As we enter into this third week of our sermon series about who Jesus is and why he matters, I admit I am feeling a bit of relief. Our first two weeks—considering Jesus as the Son of God and as the savior of the world—those are heavy and hard concepts. They are also concepts that many would refute. Today, we are granted a bit of a reprieve, as we look at Jesus’ identity as a teacher.
Even the biggest religious skeptics out there agree upon the existence of a historical figure named Jesus, and that this Jesus was an influential teacher. We confess him to be more than that, of course, but teaching was a significant part of his ministry. I wonder if, sometimes, that gets overlooked—it’s not as fancy or flashy as healing people or exorcising demons, or walking on water, or facing down the devil in the wilderness, which is what happens right before our Gospel lesson picks up today. Teaching may not be as fancy or flashy, but I bet every one of you can remember a teacher who changed your life, a teacher whose voice still echoes around in your mind sometimes.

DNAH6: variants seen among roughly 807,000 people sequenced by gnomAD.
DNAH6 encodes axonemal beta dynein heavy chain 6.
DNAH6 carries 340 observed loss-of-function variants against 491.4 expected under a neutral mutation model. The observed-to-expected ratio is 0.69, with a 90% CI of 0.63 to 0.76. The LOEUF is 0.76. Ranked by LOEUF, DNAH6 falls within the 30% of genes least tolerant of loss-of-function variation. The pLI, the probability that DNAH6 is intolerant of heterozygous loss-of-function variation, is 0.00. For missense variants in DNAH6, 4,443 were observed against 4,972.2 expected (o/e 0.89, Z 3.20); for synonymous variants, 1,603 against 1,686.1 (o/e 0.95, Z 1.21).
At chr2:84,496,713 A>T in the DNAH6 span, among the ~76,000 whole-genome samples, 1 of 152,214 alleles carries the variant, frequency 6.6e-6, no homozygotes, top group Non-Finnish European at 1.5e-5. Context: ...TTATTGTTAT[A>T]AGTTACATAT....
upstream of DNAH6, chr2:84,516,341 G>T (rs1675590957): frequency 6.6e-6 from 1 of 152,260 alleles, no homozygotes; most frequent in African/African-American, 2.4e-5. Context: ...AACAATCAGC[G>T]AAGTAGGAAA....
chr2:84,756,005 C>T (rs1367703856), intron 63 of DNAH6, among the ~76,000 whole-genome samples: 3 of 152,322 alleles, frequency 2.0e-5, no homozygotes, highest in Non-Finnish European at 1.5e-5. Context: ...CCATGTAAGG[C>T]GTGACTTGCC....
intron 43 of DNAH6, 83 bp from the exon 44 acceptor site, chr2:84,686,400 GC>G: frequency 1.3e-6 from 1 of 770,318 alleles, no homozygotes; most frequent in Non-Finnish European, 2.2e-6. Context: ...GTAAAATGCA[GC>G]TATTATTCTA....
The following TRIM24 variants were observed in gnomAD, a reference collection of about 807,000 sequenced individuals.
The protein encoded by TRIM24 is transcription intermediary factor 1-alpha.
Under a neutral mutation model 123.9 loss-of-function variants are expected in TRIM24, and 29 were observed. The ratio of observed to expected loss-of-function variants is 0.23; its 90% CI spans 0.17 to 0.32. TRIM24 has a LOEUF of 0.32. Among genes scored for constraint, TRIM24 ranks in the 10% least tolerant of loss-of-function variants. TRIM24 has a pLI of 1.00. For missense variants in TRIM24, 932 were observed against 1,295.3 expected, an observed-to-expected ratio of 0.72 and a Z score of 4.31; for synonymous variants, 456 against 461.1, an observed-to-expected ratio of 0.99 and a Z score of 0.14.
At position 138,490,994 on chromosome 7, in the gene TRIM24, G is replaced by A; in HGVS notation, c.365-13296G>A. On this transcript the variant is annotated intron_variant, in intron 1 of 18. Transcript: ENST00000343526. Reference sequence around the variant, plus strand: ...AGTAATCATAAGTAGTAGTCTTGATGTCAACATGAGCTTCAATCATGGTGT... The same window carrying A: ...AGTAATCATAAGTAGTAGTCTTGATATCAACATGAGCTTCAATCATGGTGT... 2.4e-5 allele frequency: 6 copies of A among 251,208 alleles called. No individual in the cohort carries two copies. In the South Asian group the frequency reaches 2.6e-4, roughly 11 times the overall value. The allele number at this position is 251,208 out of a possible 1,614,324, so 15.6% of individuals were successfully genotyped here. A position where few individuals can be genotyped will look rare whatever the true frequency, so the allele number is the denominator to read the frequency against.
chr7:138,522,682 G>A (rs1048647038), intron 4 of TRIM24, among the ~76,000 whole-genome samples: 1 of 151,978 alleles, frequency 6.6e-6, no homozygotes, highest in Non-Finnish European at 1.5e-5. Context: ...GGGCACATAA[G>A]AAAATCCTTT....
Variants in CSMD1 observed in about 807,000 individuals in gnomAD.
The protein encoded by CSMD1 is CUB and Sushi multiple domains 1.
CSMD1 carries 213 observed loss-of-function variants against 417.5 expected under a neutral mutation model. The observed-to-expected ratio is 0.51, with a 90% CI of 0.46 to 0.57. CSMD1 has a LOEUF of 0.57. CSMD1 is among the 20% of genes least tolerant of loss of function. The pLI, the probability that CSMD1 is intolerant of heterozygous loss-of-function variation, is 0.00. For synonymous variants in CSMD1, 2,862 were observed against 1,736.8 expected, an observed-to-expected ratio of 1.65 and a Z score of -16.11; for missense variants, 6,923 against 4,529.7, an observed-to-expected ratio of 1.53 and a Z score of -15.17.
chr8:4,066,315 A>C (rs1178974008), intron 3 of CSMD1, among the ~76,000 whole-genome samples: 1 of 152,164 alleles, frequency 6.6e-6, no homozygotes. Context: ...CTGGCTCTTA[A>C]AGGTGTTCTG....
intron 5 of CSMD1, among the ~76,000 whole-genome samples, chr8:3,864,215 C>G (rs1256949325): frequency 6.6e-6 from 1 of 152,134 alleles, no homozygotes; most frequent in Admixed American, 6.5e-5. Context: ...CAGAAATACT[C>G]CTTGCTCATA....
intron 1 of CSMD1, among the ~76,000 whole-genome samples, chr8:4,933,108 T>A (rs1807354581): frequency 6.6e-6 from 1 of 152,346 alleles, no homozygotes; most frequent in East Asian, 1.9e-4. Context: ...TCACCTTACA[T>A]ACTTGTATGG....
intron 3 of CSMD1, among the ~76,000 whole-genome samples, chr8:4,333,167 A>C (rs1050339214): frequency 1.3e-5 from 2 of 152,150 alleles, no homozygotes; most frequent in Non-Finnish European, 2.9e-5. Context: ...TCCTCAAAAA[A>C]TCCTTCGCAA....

For me, there was Miss O’Brien in the sixth grade. One day she asked to talk to me after school.
“Jenny,” she said, “you are a very kind girl. So, I need you to do me a favor. I need you to reach out and be kind to Kelly.” Kelly was new to our school that year and was having a hard time. She was left to sit by herself at lunch and keep to herself at recess.
Now, Miss O’Brien—I’m sure she taught me things about history and religion and math, but what she really taught me is that kindness, true kindness, is proactive, that kindness intentionally seeks out its recipients, and that, in the long run, in a world where we can be and accomplish and achieve almost anything, kindness is a very good place to start.